News on more Xbox Series X backwards compatibility enhancements are coming this year

An image from Fallout 4
(Image credit: Bethesda)

Microsoft has teased Xbox Series X backwards compatibility tech that could "double framerates" on certain titles, and more news is coming about it this year.

Xbox director of program management Jason Ronald confirmed in a response to a fan's question that the team is still working on backwards compatibility enhancements which were announced before launch, even if it hasn't made any more announcements about them since then.

See more

Almost the entire catalog of Xbox One games is playable on Xbox Series X and Xbox Series S right now, in many cases with shortened load times, more consistent frame rate, and better visual vibrance with auto HDR, among other features. 

However, players are still waiting to hear more about special improvements that could double the frame rate of certain games - with Xbox using Fallout 4 going from a standard 30 FPS on Xbox One to 60 FPS on Xbox Series X as its most prominent example.

"The backward compatibility team has developed new methods for effectively doubling the framerate on select titles," Xbox compatibility program lead Peggy Lo wrote back in October. "While not applicable for many titles due to the game’s original physics or animations, these new techniques the team has developed can push game engines to render more quickly for a buttery smooth experience beyond what the original game might have delivered due to the capabilities of the hardware."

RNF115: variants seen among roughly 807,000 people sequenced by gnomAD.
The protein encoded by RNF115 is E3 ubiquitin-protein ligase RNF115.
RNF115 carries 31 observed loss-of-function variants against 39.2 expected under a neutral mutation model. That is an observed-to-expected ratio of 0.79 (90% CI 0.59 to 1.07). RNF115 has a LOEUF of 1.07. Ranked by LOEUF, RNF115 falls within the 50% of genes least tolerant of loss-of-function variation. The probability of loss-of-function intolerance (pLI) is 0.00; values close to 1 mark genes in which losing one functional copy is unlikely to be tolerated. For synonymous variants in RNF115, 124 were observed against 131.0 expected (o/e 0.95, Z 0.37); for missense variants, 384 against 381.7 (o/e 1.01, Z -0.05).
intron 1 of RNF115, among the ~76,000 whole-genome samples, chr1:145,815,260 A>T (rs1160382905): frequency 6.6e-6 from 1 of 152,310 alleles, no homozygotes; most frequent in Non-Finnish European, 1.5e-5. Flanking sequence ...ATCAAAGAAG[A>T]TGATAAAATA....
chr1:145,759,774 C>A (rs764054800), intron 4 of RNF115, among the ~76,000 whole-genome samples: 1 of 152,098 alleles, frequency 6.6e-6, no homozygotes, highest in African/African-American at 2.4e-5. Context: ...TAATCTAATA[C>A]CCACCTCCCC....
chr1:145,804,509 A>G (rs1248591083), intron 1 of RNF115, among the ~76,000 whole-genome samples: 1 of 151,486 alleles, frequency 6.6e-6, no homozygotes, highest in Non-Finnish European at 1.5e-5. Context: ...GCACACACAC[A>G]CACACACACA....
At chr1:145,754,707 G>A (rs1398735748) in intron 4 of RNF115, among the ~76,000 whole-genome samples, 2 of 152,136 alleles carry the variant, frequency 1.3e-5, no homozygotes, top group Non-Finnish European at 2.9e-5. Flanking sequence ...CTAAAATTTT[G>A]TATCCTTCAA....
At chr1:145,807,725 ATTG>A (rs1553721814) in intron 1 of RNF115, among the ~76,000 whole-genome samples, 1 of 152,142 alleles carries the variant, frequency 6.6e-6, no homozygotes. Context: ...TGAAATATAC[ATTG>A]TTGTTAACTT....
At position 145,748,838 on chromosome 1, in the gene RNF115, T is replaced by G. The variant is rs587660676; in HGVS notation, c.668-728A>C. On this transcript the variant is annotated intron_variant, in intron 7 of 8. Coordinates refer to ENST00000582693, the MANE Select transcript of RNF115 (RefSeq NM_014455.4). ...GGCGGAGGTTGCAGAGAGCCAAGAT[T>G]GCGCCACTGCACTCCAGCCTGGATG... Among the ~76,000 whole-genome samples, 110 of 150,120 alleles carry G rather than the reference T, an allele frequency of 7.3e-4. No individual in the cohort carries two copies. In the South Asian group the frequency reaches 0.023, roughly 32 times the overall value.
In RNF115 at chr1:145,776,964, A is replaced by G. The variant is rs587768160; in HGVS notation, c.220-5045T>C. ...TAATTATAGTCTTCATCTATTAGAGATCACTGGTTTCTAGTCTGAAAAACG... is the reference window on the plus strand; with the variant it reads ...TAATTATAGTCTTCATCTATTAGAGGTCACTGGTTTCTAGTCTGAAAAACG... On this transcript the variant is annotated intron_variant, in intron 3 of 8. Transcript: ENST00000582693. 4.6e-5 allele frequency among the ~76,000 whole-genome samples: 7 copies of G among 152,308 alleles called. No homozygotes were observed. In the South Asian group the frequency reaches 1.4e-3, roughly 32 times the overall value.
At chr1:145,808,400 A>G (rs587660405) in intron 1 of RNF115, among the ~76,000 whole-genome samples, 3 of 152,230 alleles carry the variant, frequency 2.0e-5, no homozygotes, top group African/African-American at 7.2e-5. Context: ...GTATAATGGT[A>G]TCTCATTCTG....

More news coming sometime this year is a pretty broad timetable, but at least it's good to know that Microsoft hasn't forgotten our dreams of stomping around the Commonwealth in our custom power armor at a smooth 60 FPS.

It doesn't just play old games better - see what new titles are on the way with our guide to upcoming Xbox Series X games. 

Connor Sheridan

I got a BA in journalism from Central Michigan University - though the best education I received there was from CM Life, its student-run newspaper. Long before that, I started pursuing my degree in video games by bugging my older brother to let me play Zelda on the Super Nintendo. I've previously been a news intern for GameSpot, a news writer for CVG, and now I'm a staff writer here at GamesRadar.